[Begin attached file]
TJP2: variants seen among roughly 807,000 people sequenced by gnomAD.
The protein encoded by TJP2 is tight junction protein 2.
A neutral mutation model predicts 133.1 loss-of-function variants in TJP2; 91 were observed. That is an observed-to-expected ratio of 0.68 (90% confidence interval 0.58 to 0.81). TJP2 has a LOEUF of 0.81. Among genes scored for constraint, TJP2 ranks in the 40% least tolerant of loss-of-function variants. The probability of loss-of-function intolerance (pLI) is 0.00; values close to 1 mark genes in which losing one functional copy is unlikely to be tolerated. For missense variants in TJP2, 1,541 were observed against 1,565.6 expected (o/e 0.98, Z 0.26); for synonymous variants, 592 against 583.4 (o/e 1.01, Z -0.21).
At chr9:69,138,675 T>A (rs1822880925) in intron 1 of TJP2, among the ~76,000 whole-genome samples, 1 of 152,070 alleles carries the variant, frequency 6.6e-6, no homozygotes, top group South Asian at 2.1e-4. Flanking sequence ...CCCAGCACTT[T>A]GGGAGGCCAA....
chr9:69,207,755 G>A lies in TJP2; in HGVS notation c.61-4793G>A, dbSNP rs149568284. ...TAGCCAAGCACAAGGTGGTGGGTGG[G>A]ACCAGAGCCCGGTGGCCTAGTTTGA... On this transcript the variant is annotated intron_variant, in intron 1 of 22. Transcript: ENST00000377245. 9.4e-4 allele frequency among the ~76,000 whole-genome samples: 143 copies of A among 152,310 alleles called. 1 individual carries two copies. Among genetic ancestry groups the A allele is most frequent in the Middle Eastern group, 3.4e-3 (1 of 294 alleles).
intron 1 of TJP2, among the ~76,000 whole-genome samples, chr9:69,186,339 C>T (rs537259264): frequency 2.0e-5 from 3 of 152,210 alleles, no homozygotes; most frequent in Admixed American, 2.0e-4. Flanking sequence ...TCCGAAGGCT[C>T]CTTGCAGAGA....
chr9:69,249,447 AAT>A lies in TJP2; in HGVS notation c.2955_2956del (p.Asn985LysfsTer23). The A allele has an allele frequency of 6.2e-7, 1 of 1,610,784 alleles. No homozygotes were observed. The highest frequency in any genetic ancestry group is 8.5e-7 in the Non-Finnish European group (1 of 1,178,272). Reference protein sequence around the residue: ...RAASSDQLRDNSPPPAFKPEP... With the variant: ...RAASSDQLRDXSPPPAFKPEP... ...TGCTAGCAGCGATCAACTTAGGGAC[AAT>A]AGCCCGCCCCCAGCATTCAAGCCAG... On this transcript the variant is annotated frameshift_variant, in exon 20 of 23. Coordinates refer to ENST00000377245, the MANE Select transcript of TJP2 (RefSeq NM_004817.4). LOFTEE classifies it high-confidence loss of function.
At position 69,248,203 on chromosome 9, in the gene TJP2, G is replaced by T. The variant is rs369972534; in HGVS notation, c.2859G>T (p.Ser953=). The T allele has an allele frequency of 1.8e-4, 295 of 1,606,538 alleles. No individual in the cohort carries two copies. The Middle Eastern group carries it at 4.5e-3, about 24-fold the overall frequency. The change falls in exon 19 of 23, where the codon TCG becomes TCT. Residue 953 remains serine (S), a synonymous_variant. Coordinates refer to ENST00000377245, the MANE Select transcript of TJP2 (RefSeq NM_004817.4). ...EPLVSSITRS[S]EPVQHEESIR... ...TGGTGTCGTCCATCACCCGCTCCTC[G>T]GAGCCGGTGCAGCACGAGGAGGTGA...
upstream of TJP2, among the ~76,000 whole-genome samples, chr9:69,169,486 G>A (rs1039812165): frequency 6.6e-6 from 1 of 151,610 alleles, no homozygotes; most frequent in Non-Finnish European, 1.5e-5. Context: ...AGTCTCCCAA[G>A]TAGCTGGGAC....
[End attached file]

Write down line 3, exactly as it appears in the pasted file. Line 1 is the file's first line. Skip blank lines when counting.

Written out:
A neutral mutation model predicts 133.1 loss-of-function variants in TJP2; 91 were observed. That is an observed-to-expected ratio of 0.68 (90% confidence interval 0.58 to 0.81). TJP2 has a LOEUF of 0.81. Among genes scored for constraint, TJP2 ranks in the 40% least tolerant of loss-of-function variants. The probability of loss-of-function intolerance (pLI) is 0.00; values close to 1 mark genes in which losing one functional copy is unlikely to be tolerated. For missense variants in TJP2, 1,541 were observed against 1,565.6 expected (o/e 0.98, Z 0.26); for synonymous variants, 592 against 583.4 (o/e 1.01, Z -0.21).